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Unraveling Comment Threads Programatically

TechCrunch just posted about how Seesmic Hijacks Comments With Threaded Replies which continues a trend of concern around conversations becoming fragmented as more social aggregation services are launched. Seesmic offers video commenting on blogs and now allows someone to "respond to a Seesmic video by hitting a reply button with in the embeddable Seesmic player, and all the responses can be seen as video thumbnails if you mouse over the bottom of the player’s screen." (Mike, a check for $17.50 is in the mail) What this means is that while the initial video comment will show up with the other traditional text comments on a blog post, any future video replies will not. [Reminder/disclaimer: I work at Six Apart.]

FriendFeed and others ran into this sort of problem a month or two ago when they allowed you to comment on a friend's Tweet as it wouldn't get published back on Twitter. They solved this by using Twitter's API to optionally also send your comment back to Twitter. In this case the problem is that nearly every blog commenting system doesn't have an API. Disqus seems to have a non-public API which Plaxo is using though that integration only lets you respond anonymously.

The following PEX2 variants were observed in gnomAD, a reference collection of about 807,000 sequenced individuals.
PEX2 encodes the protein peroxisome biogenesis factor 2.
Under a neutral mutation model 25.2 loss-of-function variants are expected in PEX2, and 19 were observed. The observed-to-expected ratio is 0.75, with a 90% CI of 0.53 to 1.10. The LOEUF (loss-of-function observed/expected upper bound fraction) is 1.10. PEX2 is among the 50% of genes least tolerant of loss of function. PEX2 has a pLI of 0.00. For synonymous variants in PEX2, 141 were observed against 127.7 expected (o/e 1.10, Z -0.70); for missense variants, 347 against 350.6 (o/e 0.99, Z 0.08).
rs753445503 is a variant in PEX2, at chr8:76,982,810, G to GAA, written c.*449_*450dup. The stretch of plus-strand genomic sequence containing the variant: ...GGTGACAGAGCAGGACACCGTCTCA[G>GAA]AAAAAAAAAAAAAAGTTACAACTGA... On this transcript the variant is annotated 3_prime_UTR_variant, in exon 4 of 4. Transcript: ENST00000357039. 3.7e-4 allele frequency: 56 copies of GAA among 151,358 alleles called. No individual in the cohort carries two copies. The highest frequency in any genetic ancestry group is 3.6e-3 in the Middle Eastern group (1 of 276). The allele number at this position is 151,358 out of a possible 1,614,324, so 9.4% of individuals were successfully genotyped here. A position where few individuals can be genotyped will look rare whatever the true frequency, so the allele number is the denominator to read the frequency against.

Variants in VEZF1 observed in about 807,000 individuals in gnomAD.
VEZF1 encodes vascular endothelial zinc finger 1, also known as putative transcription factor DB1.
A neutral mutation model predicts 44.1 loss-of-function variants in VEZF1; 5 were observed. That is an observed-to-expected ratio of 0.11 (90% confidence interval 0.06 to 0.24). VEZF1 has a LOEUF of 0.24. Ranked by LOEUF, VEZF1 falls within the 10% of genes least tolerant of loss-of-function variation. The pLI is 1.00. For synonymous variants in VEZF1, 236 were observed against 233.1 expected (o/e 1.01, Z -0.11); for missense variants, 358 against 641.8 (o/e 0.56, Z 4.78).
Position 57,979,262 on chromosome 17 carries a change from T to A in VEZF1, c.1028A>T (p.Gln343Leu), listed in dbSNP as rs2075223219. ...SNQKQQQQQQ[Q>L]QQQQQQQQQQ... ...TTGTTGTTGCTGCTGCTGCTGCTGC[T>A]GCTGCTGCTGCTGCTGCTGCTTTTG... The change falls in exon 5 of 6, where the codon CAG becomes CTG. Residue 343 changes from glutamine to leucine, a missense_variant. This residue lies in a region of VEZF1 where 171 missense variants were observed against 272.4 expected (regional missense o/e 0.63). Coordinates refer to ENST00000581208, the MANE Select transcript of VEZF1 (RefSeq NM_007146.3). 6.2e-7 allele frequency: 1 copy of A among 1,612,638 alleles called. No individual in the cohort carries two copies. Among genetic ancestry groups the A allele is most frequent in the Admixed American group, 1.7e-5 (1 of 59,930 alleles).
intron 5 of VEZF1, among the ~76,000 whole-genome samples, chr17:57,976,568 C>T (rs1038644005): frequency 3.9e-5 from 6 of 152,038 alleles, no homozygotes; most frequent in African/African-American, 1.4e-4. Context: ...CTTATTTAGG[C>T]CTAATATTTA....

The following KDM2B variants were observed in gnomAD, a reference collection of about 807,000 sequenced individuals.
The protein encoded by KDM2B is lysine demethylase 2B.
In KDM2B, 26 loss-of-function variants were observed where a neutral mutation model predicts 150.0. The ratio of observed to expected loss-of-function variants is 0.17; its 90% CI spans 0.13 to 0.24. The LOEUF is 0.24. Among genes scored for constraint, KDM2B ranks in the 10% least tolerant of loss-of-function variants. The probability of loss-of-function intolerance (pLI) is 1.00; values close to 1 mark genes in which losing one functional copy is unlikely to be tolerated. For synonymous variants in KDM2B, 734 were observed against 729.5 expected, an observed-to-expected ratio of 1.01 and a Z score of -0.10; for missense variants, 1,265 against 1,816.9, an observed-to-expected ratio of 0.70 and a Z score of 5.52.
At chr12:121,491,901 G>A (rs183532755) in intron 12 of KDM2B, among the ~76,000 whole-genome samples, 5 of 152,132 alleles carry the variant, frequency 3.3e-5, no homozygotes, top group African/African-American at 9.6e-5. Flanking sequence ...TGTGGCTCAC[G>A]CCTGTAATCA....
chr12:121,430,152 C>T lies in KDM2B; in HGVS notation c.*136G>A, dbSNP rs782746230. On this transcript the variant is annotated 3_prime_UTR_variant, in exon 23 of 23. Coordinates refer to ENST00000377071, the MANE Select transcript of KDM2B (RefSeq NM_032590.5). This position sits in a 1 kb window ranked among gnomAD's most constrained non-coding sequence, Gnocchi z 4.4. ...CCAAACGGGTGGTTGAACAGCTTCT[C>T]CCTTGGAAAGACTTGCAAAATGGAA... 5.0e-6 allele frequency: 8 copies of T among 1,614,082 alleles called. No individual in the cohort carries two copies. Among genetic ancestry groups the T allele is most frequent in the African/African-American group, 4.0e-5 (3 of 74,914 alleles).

Technology aside I think everyone would agree that allowing comments to be published back to the blog from other places is A Good Thing(tm). That said, making authentication and authorization work on this scale of decentralization is not something that has been solved yet. I'm involved in a conversation on the DiSo Project mailing list which is looking at tackling this sort of site to site messaging in a way that scales, can be run on $1/month shared hosting environments, and provides the needed bits of authentication and authorization. It isn't an easy problem, but one which I think we should be able to collectively solve especially with existing building blocks like HTTP, XMPP, Atom, OpenID, and OAuth. hmm...


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Jun. 27th, 2008 06:15 pm (UTC)
Solving the comments problems
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